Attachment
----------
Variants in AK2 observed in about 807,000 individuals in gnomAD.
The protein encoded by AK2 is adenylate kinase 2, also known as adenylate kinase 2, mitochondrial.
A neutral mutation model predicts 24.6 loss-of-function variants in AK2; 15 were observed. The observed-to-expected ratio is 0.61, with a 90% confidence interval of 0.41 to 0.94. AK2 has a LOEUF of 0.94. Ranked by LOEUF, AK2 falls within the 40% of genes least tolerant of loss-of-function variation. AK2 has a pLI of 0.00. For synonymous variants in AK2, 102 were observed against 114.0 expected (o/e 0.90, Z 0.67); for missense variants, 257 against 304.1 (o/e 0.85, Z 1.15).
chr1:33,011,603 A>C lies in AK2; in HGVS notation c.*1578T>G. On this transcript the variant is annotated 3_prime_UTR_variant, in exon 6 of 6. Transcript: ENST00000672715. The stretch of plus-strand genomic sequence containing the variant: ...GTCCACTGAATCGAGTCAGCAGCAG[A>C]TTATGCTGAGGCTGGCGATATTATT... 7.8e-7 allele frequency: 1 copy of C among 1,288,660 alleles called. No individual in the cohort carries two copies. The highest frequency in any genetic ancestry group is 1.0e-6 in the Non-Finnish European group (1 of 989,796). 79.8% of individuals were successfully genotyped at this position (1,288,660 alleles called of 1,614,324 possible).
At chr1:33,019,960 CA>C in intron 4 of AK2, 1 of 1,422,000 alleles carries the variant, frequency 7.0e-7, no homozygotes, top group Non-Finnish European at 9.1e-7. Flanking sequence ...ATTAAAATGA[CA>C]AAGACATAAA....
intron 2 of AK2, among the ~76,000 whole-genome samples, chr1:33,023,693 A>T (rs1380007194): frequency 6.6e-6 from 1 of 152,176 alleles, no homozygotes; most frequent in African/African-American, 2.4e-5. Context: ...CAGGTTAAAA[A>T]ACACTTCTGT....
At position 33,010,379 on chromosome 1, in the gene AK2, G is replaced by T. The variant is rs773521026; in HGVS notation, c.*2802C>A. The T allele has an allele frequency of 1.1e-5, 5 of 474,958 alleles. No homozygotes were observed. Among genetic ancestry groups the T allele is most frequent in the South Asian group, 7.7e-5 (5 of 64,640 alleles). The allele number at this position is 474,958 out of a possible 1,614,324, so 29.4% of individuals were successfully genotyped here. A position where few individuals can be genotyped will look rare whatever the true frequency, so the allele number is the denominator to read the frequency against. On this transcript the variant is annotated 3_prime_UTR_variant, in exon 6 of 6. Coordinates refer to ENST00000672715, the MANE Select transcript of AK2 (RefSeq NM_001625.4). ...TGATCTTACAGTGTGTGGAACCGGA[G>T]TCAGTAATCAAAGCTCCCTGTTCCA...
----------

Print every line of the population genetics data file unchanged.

Variants in AK2 observed in about 807,000 individuals in gnomAD.
The protein encoded by AK2 is adenylate kinase 2, also known as adenylate kinase 2, mitochondrial.
A neutral mutation model predicts 24.6 loss-of-function variants in AK2; 15 were observed. The observed-to-expected ratio is 0.61, with a 90% confidence interval of 0.41 to 0.94. AK2 has a LOEUF of 0.94. Ranked by LOEUF, AK2 falls within the 40% of genes least tolerant of loss-of-function variation. AK2 has a pLI of 0.00. For synonymous variants in AK2, 102 were observed against 114.0 expected (o/e 0.90, Z 0.67); for missense variants, 257 against 304.1 (o/e 0.85, Z 1.15).
chr1:33,011,603 A>C lies in AK2; in HGVS notation c.*1578T>G. On this transcript the variant is annotated 3_prime_UTR_variant, in exon 6 of 6. Transcript: ENST00000672715. The stretch of plus-strand genomic sequence containing the variant: ...GTCCACTGAATCGAGTCAGCAGCAG[A>C]TTATGCTGAGGCTGGCGATATTATT... 7.8e-7 allele frequency: 1 copy of C among 1,288,660 alleles called. No individual in the cohort carries two copies. The highest frequency in any genetic ancestry group is 1.0e-6 in the Non-Finnish European group (1 of 989,796). 79.8% of individuals were successfully genotyped at this position (1,288,660 alleles called of 1,614,324 possible).
At chr1:33,019,960 CA>C in intron 4 of AK2, 1 of 1,422,000 alleles carries the variant, frequency 7.0e-7, no homozygotes, top group Non-Finnish European at 9.1e-7. Flanking sequence ...ATTAAAATGA[CA>C]AAGACATAAA....
intron 2 of AK2, among the ~76,000 whole-genome samples, chr1:33,023,693 A>T (rs1380007194): frequency 6.6e-6 from 1 of 152,176 alleles, no homozygotes; most frequent in African/African-American, 2.4e-5. Context: ...CAGGTTAAAA[A>T]ACACTTCTGT....
At position 33,010,379 on chromosome 1, in the gene AK2, G is replaced by T. The variant is rs773521026; in HGVS notation, c.*2802C>A. The T allele has an allele frequency of 1.1e-5, 5 of 474,958 alleles. No homozygotes were observed. Among genetic ancestry groups the T allele is most frequent in the South Asian group, 7.7e-5 (5 of 64,640 alleles). The allele number at this position is 474,958 out of a possible 1,614,324, so 29.4% of individuals were successfully genotyped here. A position where few individuals can be genotyped will look rare whatever the true frequency, so the allele number is the denominator to read the frequency against. On this transcript the variant is annotated 3_prime_UTR_variant, in exon 6 of 6. Coordinates refer to ENST00000672715, the MANE Select transcript of AK2 (RefSeq NM_001625.4). ...TGATCTTACAGTGTGTGGAACCGGA[G>T]TCAGTAATCAAAGCTCCCTGTTCCA...